The latest collection of poems from Stevie Ronne is a challenge in its opening sections, but particular rewarding, when it reaches its final, ambitious prose poems. The collection is divided into three sections, “Manifestations”, where some of the more classically styled poems mingle with bold experimental pieces, followed by the epic prose poem “A Night in Morden Tower” and finally, “After…”.
Poetry should challenge the reader on a number of levels; Ronnie’s opening pieces veer from the beautiful yet frustratingly short such as “The Manifestation”, to the more grounded, exemplified by “Four years from now, walking with my daughter”. This last is an excellent lyrical poem that encapsulates the simple pleasures of family bonds without sinking into cloying sentiment. The poet imagines meeting a lost lamb in a future trek with his daughter.
We Listen to a tractor –
Count a flock of crows like seconds. Laughter
One lamb finds the only tear in the fence there is.
She bleats and makes for a clearing in the trees.
The metaphor is not heavy-handed, gentle, but strong enough to impart the joys of parenthood and the fears of eventually letting go.
Not only a poet but a multi-disciplinary artist, Ronnie works with sculpture, print, and paint. His painterly eye is evident in ‘after Auerback’ [sic]:
these expressions of content and contempt,
each abstracted set of eyes,
each shoulder, neck and setting,
sometimes more able to transmit
the transference of a feeling we call art.
This is not then just a manifestation of art, but the active meditation on the impact of art on both the consumer and creator. Language is his brushstroke but here it is a musing on the shapes and sizes of all arts and artists, along with their audience. Art, he declares, is for everyone, whether it is fated to be condemned or whether it will manage to offer a form of contentment to both creator and viewer.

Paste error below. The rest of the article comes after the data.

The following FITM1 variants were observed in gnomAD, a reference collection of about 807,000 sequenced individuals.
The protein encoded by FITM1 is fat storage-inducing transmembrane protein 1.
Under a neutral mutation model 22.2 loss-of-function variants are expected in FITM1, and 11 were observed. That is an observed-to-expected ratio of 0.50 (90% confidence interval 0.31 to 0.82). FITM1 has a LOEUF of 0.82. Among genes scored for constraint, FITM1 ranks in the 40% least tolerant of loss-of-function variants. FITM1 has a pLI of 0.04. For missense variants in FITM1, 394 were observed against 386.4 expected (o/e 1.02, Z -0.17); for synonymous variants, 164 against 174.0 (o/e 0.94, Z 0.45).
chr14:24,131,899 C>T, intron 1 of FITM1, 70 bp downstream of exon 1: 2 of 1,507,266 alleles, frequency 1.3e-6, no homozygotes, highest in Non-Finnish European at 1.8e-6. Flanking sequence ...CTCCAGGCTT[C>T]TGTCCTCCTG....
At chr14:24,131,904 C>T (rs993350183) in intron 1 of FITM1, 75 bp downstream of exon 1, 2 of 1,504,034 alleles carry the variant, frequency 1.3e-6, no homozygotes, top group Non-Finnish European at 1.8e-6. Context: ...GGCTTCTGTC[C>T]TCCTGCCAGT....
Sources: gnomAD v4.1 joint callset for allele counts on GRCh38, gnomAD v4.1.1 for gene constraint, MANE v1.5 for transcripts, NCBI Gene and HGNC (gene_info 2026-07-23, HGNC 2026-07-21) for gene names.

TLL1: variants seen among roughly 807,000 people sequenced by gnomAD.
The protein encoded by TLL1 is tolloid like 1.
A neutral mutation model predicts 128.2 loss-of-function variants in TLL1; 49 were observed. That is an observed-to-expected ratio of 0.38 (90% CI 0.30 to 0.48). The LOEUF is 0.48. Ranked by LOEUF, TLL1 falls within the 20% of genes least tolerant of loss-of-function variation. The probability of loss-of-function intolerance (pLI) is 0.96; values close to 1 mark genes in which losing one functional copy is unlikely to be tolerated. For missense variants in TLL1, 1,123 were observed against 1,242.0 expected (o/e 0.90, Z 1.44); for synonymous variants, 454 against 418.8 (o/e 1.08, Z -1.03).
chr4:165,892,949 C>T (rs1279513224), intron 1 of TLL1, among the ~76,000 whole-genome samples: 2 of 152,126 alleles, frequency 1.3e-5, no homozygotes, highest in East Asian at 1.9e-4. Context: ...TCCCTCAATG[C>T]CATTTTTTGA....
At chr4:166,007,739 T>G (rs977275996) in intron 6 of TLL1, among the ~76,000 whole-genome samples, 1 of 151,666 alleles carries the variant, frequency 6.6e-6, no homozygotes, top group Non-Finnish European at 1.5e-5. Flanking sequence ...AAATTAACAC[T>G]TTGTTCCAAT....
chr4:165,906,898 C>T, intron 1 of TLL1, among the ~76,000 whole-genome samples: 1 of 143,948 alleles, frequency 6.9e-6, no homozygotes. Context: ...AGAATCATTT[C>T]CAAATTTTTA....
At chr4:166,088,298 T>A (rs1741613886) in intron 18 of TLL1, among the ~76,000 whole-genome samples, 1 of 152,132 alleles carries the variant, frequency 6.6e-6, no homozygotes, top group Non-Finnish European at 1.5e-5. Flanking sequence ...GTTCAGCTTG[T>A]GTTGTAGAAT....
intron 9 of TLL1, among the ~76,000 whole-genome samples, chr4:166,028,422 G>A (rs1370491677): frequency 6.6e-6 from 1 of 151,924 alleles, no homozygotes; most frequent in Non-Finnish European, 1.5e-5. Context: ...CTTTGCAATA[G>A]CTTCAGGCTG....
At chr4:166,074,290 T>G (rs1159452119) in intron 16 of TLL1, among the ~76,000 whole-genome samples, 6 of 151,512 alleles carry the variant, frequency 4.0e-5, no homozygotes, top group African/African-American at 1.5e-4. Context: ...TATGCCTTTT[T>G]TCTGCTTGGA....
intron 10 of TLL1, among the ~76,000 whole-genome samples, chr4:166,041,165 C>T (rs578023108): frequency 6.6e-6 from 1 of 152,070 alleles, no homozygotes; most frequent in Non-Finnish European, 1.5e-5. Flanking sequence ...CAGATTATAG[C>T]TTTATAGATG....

A distinct metaphysical element pervades the majority of his work; there are abject deconstructions, coupled with elegant, often surprising reconstructions of the written form. It is this hook – this tantalising wait for the final unifying line or stanza – that both engages and challenges. Ronnie is unapologetic and fearless in his use of difficult content and forms. The highly experimental, “Tears Please Visit And Flush This Memory”, can be read from the last line to the first as well as in the usual way. This circular verse contains a pained cry of loneliness in the mire of a painful, unspecified repeating memory; its haunting narrative chills to the bone:
tonight) I’ll write cry
rather than shin once
The opening stanza connects to the last line;
Drip and drip dropless
Visit please (when I am alone
Once again, this is not just an exploration of the poetic form, but also a commentary on the nature of creating art. The final line, connecting as it does to the first, hints at being separated and lonely, yet the art – that need to create, – is always there. The poem asks whether an artist is truly alone; in a fascinating piece, it is layered with multiple interpretations.
The final sections of the collection give way to the epic form, and it is here that Ronnie, having teased us with some frustrating glimpses into his ability to handle the longer discipline, lets rip in a glorious fashion. In the centrepiece, “A Night in Morden Tower”, we are taken on a journey, almost a quest through the poetry scene of the 1960’s and 1970’s, culminating in a showdown with the guardian spectre of the muse’s tower. That tower is a striking metaphor, indicating that in order to create we have to scale it repeatedly.
In many ways, the poem symbolises the entire collection. Manifestations is indeed a challenging climb but worth the effort, and eminently worthy of repeated visits.
David MacDonald Graham